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Benitez v. Parmer

United States District Court, N.D. New York

March 30, 2015

HENRY BENITEZ, Plaintiff,
v.
WILLIAM PARMER, Nurse Practitioner, Upstate Corr. Facility, sued in his individual capacity; and CARL J. KOENIGSMANN, Deputy Comm'r and Chief Med. Officer, N.Y.S. DOCCS, sued in his official capacity, Defendants.

HENRY BENITEZ, Plaintiff, Pro Se Five Points Correctional Facility Romulus, New York.

HON. ERIC T. SCHNEIDERMAN Attorney General for the State of New York Albany, New York, CATHY Y. SHEEHAN, ESQ. Assistant Attorney General, Counsel for Defendants.

DECISION & ORDER

GLENN T. SUDDABY, District Judge.

Currently before the Court, in this pro se prisoner civil rights action filed by Henry Benitez ("Plaintiff") against the two above-captioned New York State correctional employees ("Defendants"), are (1) United States Magistrate Judge David E. Peebles' Report-Recommendation recommending that Defendants' motion for summary judgment be granted, and (2) Plaintiff's Objections to the Report-Recommendation. (Dkt. Nos. 110, 111.) For the reasons set forth below, Magistrate Judge Peebles' Report-Recommendation is accepted and adopted in its entirety, and Defendants' motion for summary judgment is granted.

I. RELEVANT BACKGROUND

Familiarity with this action's procedural history, Plaintiff's Eighth Amendment deliberate-indifference claim, and the grounds of Magistrate Judge Peebles' Report-Recommendation is assumed in this Decision and Order, which is intended primarily for the review of the parties.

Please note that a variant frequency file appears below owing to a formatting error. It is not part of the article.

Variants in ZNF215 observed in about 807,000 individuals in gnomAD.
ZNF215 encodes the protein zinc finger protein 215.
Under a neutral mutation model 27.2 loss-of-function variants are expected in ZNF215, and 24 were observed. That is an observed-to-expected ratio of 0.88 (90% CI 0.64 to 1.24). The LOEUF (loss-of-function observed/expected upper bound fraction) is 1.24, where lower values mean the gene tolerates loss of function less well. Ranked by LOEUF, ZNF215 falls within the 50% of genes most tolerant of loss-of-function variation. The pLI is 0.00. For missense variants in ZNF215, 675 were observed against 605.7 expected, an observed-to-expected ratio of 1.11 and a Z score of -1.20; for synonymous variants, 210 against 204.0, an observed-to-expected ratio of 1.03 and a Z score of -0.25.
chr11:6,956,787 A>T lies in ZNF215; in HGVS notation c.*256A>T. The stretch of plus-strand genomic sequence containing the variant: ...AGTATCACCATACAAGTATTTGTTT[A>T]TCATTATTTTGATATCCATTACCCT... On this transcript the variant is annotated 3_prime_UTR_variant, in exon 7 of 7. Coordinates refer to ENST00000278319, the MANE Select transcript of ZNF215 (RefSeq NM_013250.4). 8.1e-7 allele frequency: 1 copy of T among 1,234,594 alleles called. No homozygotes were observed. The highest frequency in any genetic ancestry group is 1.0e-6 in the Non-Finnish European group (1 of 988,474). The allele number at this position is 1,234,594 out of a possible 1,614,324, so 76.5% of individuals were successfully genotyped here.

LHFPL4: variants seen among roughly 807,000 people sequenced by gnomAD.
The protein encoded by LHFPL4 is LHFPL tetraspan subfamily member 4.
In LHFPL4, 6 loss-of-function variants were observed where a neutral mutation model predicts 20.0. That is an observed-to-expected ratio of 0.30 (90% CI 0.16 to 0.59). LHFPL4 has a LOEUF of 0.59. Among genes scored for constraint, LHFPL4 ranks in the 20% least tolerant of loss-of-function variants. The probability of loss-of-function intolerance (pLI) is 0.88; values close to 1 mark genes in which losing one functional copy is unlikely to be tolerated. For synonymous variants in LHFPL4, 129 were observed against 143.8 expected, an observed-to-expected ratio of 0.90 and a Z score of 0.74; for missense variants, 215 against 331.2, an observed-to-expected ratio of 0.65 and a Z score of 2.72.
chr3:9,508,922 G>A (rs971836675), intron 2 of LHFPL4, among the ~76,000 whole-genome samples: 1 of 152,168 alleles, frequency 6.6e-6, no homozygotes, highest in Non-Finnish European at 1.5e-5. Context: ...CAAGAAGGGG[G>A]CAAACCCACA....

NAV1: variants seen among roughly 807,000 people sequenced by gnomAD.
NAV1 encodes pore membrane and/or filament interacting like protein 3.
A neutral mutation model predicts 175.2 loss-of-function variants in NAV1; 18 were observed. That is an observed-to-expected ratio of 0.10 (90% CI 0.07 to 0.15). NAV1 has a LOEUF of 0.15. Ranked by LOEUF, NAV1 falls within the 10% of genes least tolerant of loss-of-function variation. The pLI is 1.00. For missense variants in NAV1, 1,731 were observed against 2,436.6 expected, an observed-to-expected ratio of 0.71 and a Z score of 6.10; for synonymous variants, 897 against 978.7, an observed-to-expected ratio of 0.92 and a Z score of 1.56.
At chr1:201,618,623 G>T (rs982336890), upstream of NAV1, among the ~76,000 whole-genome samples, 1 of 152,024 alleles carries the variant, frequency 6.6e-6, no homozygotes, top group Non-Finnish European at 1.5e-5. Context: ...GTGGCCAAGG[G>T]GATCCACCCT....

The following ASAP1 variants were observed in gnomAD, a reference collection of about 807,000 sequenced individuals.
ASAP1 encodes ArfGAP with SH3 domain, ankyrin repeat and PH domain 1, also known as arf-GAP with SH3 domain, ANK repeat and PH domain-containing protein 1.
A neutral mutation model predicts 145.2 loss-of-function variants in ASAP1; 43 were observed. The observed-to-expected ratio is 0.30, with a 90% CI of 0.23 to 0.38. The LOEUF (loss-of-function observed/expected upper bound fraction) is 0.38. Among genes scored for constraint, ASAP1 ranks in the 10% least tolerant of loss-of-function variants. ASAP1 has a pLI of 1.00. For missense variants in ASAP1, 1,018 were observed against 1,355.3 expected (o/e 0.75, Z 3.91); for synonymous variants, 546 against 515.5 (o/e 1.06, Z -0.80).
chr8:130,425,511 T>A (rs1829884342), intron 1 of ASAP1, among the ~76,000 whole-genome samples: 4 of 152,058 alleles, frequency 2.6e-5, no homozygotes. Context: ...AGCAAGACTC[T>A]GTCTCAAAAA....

Liberally construed, Plaintiff's Objections assert that the Report-Recommendation contains five errors. (DKt. No. 111.) First, argues Plaintiff, in finding that the record does not indicate that Plaintiff satisfied 16 of the criteria for anti-viral therapy listed in the New York State Department of Corrections and Community Supervision's Hepatitis C Guidelines ("DOCCS HCV Guidelines"), Magistrate Judge Peebles failed to recognize that individuals diagnosed with chronic HCV cannot be deemed, with a reasonable degree of medical certainty, eligible for anti-HCV therapy prior to undergoing a liver biopsy. ( Id. )

Second, argues Plaintiff, in finding that he failed to satisfy the DOCCS HCV Guidelines criterion recommending that anti-HCV therapy be considered for only patients who have an absolute neutrophil count (or "ANC") of greater than 1, 000 and a platelet count of greater than 50, 000/cubic ml, Magistrate Judge Peebles failed to recognize that (a) Plaintiff's failure to satisfy that criterion in November of 2011 did not constitute an absolute contraindication to anti-HCV therapy under the DOCCS HCV Guidelines, and (b) all of Plaintiff's outside treating physicians reported that each would recommend that Plaintiff be afforded anti-HCV therapy notwithstanding that he had an ANC of less than 1, 000 and a platelet count of less than 50, 000/cubic ml (thus plaguing Magistrate Judge Peebles' finding with an impermissible credibility determination regarding contradictory proof). ( Id. )

Third, argues Plaintiff, in finding that he that he failed to satisfy the DOCCS HCV Guidelines criterion requiring high motivatation (due to his documented history of refusing medical care), Magistrate Judge Peebles impermissibly discounted Plaintiff's affidavit testimony stating that (a) he never refused medical treatment for his HCV, (b) he filed numerous grievances seeking anti-viral therapy from 2002 to 2012, and (c) his outside doctors deemed him to be a very motivated patient for anti-HCV therapy purposes. ( Id. )

Fourth, argues Plaintiff, in finding that Defendant Parmer did not ignore an excessive risk to Plaintiff's health by considering but not ordering a biopsy, Magistrate Judge Peebles ignored (a) Plaintiff's affidavit testimony of his difference of opinion with Parmer, (b) evidence that Parmer knew the contents of the DOCCS HCV Guidelines, (c) the indication in Plaintiff's blood test reports that his alanine aminotransferase ("ALT") levels remained sufficiently elevated to warrant a liver biopsy, and (d) written statements of Parmer indicating that his treatment plan was merely to order blood tests to monitor Plaintiff's ALT levels. ( Id. )